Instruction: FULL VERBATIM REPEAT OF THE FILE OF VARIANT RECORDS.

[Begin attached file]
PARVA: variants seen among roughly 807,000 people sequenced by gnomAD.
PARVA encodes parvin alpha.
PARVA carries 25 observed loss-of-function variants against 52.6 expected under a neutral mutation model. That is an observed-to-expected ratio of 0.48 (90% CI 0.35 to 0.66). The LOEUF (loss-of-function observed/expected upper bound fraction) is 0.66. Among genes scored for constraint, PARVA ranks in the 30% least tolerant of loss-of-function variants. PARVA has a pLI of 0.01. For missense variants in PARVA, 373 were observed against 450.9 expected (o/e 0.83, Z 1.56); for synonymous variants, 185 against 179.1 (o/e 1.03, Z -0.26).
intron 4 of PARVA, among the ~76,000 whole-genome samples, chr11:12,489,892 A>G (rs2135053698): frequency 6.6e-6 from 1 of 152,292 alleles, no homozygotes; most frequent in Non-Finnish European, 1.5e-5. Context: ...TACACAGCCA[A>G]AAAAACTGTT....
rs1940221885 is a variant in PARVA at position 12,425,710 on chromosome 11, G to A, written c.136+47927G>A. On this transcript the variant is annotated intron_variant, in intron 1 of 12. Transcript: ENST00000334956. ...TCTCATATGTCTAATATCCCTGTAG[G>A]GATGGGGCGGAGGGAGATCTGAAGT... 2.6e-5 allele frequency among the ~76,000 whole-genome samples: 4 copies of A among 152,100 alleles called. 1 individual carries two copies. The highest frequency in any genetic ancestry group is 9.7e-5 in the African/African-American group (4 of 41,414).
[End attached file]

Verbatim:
PARVA: variants seen among roughly 807,000 people sequenced by gnomAD.
PARVA encodes parvin alpha.
PARVA carries 25 observed loss-of-function variants against 52.6 expected under a neutral mutation model. That is an observed-to-expected ratio of 0.48 (90% CI 0.35 to 0.66). The LOEUF (loss-of-function observed/expected upper bound fraction) is 0.66. Among genes scored for constraint, PARVA ranks in the 30% least tolerant of loss-of-function variants. PARVA has a pLI of 0.01. For missense variants in PARVA, 373 were observed against 450.9 expected (o/e 0.83, Z 1.56); for synonymous variants, 185 against 179.1 (o/e 1.03, Z -0.26).
intron 4 of PARVA, among the ~76,000 whole-genome samples, chr11:12,489,892 A>G (rs2135053698): frequency 6.6e-6 from 1 of 152,292 alleles, no homozygotes; most frequent in Non-Finnish European, 1.5e-5. Context: ...TACACAGCCA[A>G]AAAAACTGTT....
rs1940221885 is a variant in PARVA at position 12,425,710 on chromosome 11, G to A, written c.136+47927G>A. On this transcript the variant is annotated intron_variant, in intron 1 of 12. Transcript: ENST00000334956. ...TCTCATATGTCTAATATCCCTGTAG[G>A]GATGGGGCGGAGGGAGATCTGAAGT... 2.6e-5 allele frequency among the ~76,000 whole-genome samples: 4 copies of A among 152,100 alleles called. 1 individual carries two copies. The highest frequency in any genetic ancestry group is 9.7e-5 in the African/African-American group (4 of 41,414).